A wonderful and multifaceted and socially conscious artist emblematic of a very particular time and place in California, Charles Safford poured his energies into works that range from the satirical, to the realistic, to the abstract. This drawing of railway engineer deep in conversation with a hobo feels entirely autobiographical. The surprise that these two supposed sworn antagonists should be in such friendly conversation makes the scene especially interesting. Fellow feeling in hard times. Framed, 20w x 17h.
Price on request.
Charles Putnam Safford (Charlie) was born in Logansport, IN on Nov. 18, 1900. Safford ran away from home at age 14 and spent his teen years as a hobo. He briefly studied at the Pratt Institute in N.Y. and with Roi Clarkson Colman.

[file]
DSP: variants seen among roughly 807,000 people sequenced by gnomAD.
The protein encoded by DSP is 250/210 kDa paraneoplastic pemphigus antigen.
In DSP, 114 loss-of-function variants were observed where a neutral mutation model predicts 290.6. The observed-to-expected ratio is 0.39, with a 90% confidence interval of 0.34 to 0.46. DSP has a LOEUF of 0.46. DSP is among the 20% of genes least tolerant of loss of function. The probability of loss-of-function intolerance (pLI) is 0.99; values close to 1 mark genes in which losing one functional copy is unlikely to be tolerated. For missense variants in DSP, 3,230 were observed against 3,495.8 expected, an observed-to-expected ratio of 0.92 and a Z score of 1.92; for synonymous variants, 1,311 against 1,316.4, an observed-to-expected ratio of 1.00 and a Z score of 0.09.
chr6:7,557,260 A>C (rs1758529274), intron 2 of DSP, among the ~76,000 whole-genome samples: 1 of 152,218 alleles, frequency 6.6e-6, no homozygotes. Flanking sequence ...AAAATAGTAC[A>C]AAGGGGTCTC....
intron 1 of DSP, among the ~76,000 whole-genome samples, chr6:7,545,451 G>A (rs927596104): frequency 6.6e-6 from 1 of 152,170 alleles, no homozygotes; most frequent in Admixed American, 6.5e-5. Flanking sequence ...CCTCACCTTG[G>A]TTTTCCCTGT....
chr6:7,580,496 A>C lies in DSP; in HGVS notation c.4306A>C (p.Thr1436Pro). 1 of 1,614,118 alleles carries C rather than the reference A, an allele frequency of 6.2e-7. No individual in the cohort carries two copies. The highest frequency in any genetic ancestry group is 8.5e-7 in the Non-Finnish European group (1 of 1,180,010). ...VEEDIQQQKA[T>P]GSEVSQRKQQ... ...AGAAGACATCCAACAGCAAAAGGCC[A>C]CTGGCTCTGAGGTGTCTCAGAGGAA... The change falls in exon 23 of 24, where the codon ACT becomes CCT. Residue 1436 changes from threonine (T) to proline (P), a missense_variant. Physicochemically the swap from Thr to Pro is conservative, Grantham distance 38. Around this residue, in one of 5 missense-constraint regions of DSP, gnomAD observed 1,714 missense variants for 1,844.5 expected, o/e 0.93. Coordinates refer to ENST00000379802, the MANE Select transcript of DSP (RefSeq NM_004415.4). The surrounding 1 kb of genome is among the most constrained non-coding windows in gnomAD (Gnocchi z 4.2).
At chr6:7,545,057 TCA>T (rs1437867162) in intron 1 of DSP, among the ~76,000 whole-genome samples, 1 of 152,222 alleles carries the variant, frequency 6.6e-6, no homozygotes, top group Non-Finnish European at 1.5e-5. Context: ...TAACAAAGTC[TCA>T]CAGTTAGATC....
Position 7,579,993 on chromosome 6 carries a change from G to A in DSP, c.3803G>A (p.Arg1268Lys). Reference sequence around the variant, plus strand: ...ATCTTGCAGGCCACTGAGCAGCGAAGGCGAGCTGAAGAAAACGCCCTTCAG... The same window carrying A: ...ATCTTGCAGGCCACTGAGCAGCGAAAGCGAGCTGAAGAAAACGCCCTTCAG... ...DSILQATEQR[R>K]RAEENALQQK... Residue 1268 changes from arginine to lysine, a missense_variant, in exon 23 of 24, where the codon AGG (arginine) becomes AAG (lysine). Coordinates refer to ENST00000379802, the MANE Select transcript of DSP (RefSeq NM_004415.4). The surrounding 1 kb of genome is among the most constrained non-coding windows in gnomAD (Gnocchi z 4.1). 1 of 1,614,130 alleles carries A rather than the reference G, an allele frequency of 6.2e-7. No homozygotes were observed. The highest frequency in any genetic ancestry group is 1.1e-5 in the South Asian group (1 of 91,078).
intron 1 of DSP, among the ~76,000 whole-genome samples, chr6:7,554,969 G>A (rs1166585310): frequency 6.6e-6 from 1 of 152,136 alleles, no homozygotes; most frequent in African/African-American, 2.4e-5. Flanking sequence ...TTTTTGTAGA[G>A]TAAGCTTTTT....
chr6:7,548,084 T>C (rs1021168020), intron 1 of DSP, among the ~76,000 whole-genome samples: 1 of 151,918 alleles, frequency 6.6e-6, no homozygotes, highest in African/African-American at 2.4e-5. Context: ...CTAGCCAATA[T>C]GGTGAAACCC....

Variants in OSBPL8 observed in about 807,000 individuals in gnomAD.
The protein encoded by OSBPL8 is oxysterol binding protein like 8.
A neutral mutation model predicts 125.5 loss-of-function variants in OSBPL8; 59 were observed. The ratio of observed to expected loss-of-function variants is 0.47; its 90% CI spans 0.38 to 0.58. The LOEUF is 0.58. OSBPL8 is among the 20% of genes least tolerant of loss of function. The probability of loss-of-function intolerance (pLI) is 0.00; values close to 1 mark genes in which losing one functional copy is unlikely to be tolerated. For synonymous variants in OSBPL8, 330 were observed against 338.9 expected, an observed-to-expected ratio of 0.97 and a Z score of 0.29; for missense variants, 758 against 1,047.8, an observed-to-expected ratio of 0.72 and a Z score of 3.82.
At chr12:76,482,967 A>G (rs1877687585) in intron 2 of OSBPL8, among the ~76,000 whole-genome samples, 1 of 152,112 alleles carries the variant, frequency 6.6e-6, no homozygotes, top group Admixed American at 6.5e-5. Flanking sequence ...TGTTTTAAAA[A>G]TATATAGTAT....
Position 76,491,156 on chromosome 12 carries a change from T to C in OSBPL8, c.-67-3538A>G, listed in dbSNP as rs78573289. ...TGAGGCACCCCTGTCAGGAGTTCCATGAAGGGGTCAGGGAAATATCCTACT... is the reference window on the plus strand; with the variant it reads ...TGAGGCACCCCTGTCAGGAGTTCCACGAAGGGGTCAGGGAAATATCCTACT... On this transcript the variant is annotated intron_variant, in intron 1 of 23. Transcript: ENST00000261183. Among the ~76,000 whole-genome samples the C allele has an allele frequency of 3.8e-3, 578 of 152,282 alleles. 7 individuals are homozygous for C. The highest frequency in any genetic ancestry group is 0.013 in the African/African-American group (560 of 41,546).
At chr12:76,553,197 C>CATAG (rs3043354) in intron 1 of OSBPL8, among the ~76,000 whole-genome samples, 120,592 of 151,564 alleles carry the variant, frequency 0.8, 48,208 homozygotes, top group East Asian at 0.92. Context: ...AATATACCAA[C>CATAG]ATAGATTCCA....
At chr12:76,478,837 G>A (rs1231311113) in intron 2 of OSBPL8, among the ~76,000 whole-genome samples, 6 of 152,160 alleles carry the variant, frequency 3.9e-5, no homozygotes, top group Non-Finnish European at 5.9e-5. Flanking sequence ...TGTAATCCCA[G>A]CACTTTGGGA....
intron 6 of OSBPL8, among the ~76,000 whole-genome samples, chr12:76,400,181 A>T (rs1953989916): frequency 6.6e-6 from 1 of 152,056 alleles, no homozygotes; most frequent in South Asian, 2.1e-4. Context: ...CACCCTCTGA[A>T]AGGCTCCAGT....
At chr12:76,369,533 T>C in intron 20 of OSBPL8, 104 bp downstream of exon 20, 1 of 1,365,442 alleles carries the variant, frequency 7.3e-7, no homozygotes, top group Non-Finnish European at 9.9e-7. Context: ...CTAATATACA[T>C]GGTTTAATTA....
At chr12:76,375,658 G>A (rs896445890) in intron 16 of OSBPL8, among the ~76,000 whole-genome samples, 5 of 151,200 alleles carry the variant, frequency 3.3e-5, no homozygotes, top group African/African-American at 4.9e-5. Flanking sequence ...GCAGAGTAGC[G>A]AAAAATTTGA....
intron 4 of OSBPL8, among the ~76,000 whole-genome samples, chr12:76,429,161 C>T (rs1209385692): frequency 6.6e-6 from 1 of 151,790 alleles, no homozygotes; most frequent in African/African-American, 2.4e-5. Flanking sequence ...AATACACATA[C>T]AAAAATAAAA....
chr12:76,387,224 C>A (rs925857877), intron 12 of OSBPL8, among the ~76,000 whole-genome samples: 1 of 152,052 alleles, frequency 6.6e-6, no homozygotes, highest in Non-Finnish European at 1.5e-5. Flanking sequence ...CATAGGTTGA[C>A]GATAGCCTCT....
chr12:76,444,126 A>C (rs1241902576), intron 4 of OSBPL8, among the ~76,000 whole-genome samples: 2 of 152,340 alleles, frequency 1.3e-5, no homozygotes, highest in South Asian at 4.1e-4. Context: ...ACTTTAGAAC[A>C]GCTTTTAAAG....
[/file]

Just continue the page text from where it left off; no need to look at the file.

Upon moving to California in the 1930s, he worked in the Coachella Valley and San Diego, and as an illustrator with the WPA in San Francisco. After serving in WWII, where he received an injury in Okinawa that would eventually lead to his death, he attended the Hans Hofmann School in NYC on the GI Bill.
Safford returned to San Francisco where he did large, gestural Abstract Expressionist works, often inspired by his trips to the Southwestern desert. Safford was an early mentor to many of the Beat Generation in North Beach and personified the bohemian lifestyle to many of the younger artists and poets of the next generation.
Charlie Safford died in Mendocino, CA on July 6, 1963.